Reams of news print have been spent on the return of Lance Armstrong, although there's another pro rider quietly making his return to the paid ranks. He's also American, and like Armstrong, plies his trade clad in pale blue. Garmin-Slipstream's Tim Duggan's comeback is very different to his countryman's as Cyclingnews' Les Clarke discovers.
It's tough returning to the bike after an accident. From distant muscle memory in the legs to the mental aspect of confronting the 'demons' of the road, getting back in the saddle is no easy task. If that crash meant suffering potentially life-threatening consequences it's even more difficult, as Tim Duggan found out.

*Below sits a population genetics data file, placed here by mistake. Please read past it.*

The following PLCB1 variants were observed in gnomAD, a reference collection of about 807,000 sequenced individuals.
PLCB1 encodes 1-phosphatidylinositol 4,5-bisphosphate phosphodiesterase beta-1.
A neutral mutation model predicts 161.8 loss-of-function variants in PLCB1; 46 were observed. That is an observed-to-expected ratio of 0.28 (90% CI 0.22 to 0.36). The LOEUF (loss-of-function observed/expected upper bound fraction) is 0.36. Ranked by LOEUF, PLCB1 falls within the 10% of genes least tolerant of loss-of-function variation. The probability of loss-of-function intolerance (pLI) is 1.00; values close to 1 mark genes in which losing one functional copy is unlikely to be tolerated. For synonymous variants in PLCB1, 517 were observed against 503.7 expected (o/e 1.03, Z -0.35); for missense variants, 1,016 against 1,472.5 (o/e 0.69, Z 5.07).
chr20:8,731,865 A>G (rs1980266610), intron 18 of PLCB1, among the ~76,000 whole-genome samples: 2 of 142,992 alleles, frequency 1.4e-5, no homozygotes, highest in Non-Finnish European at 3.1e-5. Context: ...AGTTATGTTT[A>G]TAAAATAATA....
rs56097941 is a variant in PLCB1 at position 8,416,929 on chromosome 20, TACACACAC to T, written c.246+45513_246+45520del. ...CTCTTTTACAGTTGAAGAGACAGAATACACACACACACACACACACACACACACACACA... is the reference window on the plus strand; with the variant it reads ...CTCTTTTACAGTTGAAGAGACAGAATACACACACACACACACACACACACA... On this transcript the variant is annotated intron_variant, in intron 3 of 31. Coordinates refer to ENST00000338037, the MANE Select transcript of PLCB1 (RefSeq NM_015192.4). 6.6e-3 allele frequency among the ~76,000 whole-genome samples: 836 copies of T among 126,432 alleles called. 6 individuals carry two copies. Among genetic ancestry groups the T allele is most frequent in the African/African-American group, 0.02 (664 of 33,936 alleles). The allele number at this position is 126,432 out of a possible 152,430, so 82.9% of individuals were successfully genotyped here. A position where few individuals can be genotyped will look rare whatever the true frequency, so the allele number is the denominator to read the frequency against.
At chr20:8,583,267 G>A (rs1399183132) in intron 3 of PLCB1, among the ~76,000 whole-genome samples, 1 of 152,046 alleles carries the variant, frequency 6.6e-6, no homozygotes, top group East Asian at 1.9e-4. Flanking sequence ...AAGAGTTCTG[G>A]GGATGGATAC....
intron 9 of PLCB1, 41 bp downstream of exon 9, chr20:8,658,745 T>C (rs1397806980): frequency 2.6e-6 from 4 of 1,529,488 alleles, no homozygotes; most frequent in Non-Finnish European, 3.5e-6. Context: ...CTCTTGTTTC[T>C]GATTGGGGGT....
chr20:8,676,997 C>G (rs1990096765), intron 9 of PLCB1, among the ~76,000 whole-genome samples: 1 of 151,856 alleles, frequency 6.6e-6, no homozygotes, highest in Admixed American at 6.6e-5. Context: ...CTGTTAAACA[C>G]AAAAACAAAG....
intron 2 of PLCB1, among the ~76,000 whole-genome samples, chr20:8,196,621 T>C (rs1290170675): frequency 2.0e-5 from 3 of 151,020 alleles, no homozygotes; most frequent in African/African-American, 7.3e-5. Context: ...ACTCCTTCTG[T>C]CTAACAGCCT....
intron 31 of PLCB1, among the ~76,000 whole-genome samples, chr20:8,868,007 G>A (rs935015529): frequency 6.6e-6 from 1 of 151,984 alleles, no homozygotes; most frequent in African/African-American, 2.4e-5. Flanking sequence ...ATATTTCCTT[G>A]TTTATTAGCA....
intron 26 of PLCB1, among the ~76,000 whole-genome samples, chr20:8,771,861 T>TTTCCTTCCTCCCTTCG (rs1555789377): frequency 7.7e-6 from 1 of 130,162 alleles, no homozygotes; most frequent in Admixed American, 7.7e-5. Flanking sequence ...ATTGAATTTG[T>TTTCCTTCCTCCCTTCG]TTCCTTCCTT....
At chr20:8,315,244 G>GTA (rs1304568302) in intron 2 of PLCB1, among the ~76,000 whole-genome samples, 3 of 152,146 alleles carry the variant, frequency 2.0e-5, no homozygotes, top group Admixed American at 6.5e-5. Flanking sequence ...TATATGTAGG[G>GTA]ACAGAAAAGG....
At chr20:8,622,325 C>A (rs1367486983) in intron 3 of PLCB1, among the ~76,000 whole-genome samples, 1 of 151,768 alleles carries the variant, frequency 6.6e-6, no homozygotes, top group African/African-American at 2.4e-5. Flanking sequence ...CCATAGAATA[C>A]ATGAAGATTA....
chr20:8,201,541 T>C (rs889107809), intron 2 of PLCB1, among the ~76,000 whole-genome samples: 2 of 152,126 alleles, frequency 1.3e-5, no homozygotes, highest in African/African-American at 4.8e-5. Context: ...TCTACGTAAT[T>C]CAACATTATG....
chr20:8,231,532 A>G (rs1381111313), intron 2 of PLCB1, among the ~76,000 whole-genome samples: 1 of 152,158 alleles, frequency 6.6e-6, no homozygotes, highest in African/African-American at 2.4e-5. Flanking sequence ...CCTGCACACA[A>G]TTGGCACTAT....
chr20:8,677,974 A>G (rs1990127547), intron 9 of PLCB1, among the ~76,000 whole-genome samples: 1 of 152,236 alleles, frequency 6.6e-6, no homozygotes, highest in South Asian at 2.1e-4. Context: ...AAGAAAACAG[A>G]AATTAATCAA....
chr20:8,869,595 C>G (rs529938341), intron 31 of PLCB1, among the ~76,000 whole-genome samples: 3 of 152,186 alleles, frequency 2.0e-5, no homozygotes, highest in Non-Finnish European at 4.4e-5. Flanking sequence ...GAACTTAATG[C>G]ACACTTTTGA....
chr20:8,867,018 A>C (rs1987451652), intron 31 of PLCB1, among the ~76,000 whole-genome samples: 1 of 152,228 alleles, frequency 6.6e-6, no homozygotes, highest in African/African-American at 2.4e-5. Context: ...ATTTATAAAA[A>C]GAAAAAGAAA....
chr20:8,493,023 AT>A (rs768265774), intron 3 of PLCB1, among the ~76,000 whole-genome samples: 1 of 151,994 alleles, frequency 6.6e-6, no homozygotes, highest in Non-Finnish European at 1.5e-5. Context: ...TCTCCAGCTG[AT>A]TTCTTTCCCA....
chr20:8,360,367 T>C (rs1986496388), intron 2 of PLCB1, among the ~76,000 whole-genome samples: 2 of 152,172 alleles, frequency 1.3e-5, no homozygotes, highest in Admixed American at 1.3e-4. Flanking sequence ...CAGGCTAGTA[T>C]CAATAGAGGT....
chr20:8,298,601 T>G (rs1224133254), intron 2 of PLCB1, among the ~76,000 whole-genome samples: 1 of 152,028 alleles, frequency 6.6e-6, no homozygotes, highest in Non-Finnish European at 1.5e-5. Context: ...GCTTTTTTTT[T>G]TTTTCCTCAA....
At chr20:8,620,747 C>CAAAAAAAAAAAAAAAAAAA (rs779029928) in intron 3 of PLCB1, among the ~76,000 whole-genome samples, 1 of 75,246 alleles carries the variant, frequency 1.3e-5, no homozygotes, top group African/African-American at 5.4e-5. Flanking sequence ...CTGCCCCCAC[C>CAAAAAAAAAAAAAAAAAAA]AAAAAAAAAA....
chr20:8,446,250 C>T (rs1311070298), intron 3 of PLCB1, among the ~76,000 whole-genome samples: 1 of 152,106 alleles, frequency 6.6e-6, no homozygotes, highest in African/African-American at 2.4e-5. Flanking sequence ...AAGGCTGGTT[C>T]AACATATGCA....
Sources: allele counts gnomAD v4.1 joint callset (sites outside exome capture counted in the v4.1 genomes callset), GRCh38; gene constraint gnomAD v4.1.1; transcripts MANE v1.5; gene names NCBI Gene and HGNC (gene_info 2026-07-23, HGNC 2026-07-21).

A crash on a descent during stage three of last year's Tour de Georgia left one of Garmin-Slipstream's 'foundation riders' in a critical state in hospital. A broken collarbone and scapula were the outward indication that he had fallen, although according to the 26-year-old there was a more sinister effect of the impact that occurred at around 80km/h.
"I was on the cusp of having brain surgery where they'd have to go in and relieve some of the pressure [on my brain]," says Duggan. "I was on the redline for that over a couple of days... luckily they never had to do that, it went down on its own. He adds that the recovery was, "Just a case of a lot of time, a lot of rest and a lot of cognitive and psychological rehab."
Read the full interview with Tim Duggan.